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LIV Golf player Branden Grace has launched a passionate defence of the Saudi-backed organisation’s efforts to acquire Official World Golf Ranking (OWGR) status.
The South African was one of 50 players who signed a letter to OWGR chairman Peter Dawson urging the organisation to grant LIV Golf the points, and speaking to Sky Sports News reporter Jamie Weir ahead of this week’s Alfred Dunhill Links Championship, Grace justified that move by saying: “If you look at the field that’s playing you’ve got the number two in the world, who’s playing on the LIV tour. You know, those guys are... all of us, we play golf, we’ve supported all the tours in the world."
You can watch the interview below.
Branden Grace, one of the signatories of LIV players’ letter to OWGR last week, outlined to me why he feels they merit world ranking points (1/2) pic.twitter.com/dsWFFH1Z6HSeptember 28, 2022
He also explained there is definitely a pang of regret that he, and others, may never experience a Presidents Cup again and how things have “gotten out of hand” but he hopes for some compromise (2/2) pic.twitter.com/JDU1LMtMZVSeptember 28, 2022
Earlier, Rory McIlroy said that, while he had no issue with LIV Golf being granted OWGR status, "you can't make up your own rules". However, Grace appeared to counter those comments, pointing out that, in his opinion, some of the criteria for gaining OWGR status is already being met.
He said: “There's some qualification criteria that’s also being met. You know, guys winning the Sunshine Tour Order of Merit, winning the Asian Tour Order of Merit. There is criteria for that. There’s guys playing on the Asian Tour which has a chance to qualify for those events. You know, if you’re lying top three, top four, you get into the events for a certain amount of time, I’m told you have to play well on those again to qualify for the next ones.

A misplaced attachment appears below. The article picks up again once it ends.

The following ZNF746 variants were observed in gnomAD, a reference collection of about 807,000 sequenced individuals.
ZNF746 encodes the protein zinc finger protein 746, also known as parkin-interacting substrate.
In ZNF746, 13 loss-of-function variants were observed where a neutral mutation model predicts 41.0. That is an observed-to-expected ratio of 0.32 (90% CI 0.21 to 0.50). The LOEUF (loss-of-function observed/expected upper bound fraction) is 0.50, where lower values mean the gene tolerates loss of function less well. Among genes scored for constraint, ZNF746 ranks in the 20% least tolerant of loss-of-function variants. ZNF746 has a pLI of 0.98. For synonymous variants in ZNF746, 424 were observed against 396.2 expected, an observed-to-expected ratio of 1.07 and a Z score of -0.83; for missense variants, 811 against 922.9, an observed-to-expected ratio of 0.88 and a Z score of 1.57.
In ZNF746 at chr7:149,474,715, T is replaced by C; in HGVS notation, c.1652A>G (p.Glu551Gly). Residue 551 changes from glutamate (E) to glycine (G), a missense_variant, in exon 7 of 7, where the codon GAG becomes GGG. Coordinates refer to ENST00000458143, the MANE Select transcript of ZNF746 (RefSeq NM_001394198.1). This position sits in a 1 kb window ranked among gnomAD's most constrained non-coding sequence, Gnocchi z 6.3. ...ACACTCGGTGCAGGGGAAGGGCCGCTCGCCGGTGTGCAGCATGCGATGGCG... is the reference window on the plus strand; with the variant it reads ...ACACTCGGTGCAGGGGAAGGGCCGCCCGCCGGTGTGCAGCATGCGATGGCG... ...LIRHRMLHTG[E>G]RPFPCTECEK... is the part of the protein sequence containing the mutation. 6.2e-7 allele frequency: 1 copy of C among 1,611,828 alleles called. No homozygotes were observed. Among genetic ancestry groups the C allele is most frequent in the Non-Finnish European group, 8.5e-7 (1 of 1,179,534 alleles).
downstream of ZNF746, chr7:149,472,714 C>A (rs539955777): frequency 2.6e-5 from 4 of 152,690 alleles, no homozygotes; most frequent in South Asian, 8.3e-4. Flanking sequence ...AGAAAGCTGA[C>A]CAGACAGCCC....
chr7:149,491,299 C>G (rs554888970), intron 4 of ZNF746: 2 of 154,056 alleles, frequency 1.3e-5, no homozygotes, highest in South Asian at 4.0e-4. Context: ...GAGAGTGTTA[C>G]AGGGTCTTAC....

Video: What Is LIV Golf?
"Then you have the guys that obviously, you know, you need these things, and you need to get into the certain qualification criteria to be able to start something like this. You know, you look at WGCs and all that sort of thing – also limited field events, also no cuts, and as far as I know there’s no such thing saying that it needs to be 72 holes. So when you think about things like that, I know it’s the beginning of it, but I hope that sooner or we’re going to get there.”
Meanwhile, Grace was also adamant that he should be allowed to play on other tours. He said: “If you keep your minimums and all that sort of stuff I don’t see why you should be limited to only playing one tour. You know, I’ve played on the European Tour since '09. They’ve never had any issue before I was playing on the PGA Tour back then. So why is this different? I’m still doing something I’m good at. I’m still doing something I love doing. I’m still representing not just myself and my family but my sponsors that get behind me and my country."
However, one area both Grace and McIlroy do appear to agree on is the need to heal the divisions in the game. On those, the Northern Irishman said earlier: "I don’t want a fractured game. The game of golf is ripping itself apart right now and that’s no good for anyone." Grace echoed that comment, saying: "I hope sometime in the future that things can maybe calm down. I think things have gotten out of hand a little bit too much."
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Mike has over 25 years of experience in journalism, including writing on a range of sports throughout that time, such as golf, football and cricket. Now a freelance staff writer for Golf Monthly, he is dedicated to covering the game's most newsworthy stories.
He has written hundreds of articles on the game, from features offering insights into how members of the public can play some of the world's most revered courses, to breaking news stories affecting everything from the PGA Tour and LIV Golf to developmental Tours and the amateur game.
Mike grew up in East Yorkshire and began his career in journalism in 1997. He then moved to London in 2003 as his career flourished, and nowadays resides in New Brunswick, Canada, where he and his wife raise their young family less than a mile from his local course.
Kevin Cook’s acclaimed 2007 biography, Tommy’s Honour, about golf’s founding father and son, remains one of his all-time favourite sports books.
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